Oh, it’s such fun when there’s a new word. LOL was just okay’ed by the OED. And OMG, right? And a few dozen others entered the list of acceptable and now-useable-in-educated-society words.
But here’s a new one that’s now making the rounds in mystery-thriller world: Thrillzie.
From what I can glean, a thrillzie is sort of an amalgam of thriller-plus-cozy. A word to describe a book that has thriller aspects, but isn’t sexy or bloody or gory or violent or over the top. Like a cozy. A cozy thriller, you see? A thrillzie.
So whaddaya think? My first reaction was to laugh. The evolution of genres is so interesting to watch—and even more interesting to be part of. Who’d have thought in addition to mystery and thriller and paranormal and chick lit and mom lit and hen lit and “literary fiction” and the newly-cool “a novel of suspense” that there’d be steampunk, and zombie-lit, and…what else is there? And I do admit, I’ve wondered, with our ever-increasing need to “label” every genre, if there could be a cozy thriller.
It's a tempting title. And certainly a tempting genre. (Ray Benson has just written the charming and adorable novel, The Black Stiletto. Ray, would you call it a thrillzie?)
And isn’t there a market, say, for a fast-paced, action-filled, high-stakes high tension, excitingly-finished (I’m not going to say climaxed) novel about a smart, competent, clever and tough heroine?
What would you call that? Romancing the Stone, a movie, I know, that’s a thrillzie if I ever saw one. (And I bet I’ve seen lots of them.) What would I have called “Romancing” if I didn’t have the word thrillzie? What other moves and books are there that would fill that slot? My own DRIVE TIME, I bet, could be in that category. Would I want that? Hmmm.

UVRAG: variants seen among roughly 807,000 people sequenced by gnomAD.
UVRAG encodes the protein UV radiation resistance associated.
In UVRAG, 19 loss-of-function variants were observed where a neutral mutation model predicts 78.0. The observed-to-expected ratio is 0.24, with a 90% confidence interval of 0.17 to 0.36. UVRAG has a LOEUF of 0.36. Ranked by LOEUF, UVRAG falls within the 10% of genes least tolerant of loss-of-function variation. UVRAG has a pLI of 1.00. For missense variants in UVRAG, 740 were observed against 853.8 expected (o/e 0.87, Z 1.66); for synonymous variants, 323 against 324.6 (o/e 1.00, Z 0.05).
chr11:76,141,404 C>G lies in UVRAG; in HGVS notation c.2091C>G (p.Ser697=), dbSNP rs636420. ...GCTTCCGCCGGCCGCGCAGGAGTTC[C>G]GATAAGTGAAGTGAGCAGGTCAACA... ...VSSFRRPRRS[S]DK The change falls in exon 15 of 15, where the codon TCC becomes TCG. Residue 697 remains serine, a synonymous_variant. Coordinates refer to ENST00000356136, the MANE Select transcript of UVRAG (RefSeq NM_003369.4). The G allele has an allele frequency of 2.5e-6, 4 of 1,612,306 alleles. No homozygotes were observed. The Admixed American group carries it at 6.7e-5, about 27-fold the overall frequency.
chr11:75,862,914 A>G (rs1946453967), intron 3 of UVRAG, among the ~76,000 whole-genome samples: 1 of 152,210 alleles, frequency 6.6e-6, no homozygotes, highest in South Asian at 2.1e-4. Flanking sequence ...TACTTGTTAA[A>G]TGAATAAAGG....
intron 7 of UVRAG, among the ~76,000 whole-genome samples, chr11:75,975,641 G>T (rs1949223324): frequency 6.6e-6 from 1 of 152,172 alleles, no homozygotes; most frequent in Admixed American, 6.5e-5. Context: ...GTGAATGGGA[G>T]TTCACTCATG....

We all just got over the controversy about “cozy,” remember? (Just call them: traditional.) And though many readers and writers embraced cozy, it does have just a bit of condescension attached. Doesn’t it? It now means—cute, and crafty, and a book with no, um, unpleasantness of any kind. And “cozy” certainly telegraphs “written by a woman.”
But how about a Spenser for Hire book? Robert B. Parker (and we miss him every day) didn’t do sex and violence—in fact, part of the wonderfulness (oh, Microsoft Word isn’t liking that word, and is underlining it in red) of his books is how UN-graphic the sex and violence is. Which makes it even sexier. Right?
To give something such a diminutive name—and thrillzie certainly is, along with cutie and kittie and I don’t know, schatzie--is that a diminution of the value? Like: easy peazie? Or is it something to kiss on both cheeks and welcome into the family of writing?
I just Googled it, and “thrillzie” is not there. So we’re definitely in on the cutting edge. (OMG.)
And now Microsoft Word is bugging me about using thrillzie. Underlining it in red. I just clicked on “add to dictionary.” And so it goes. Will you be adding it to yours?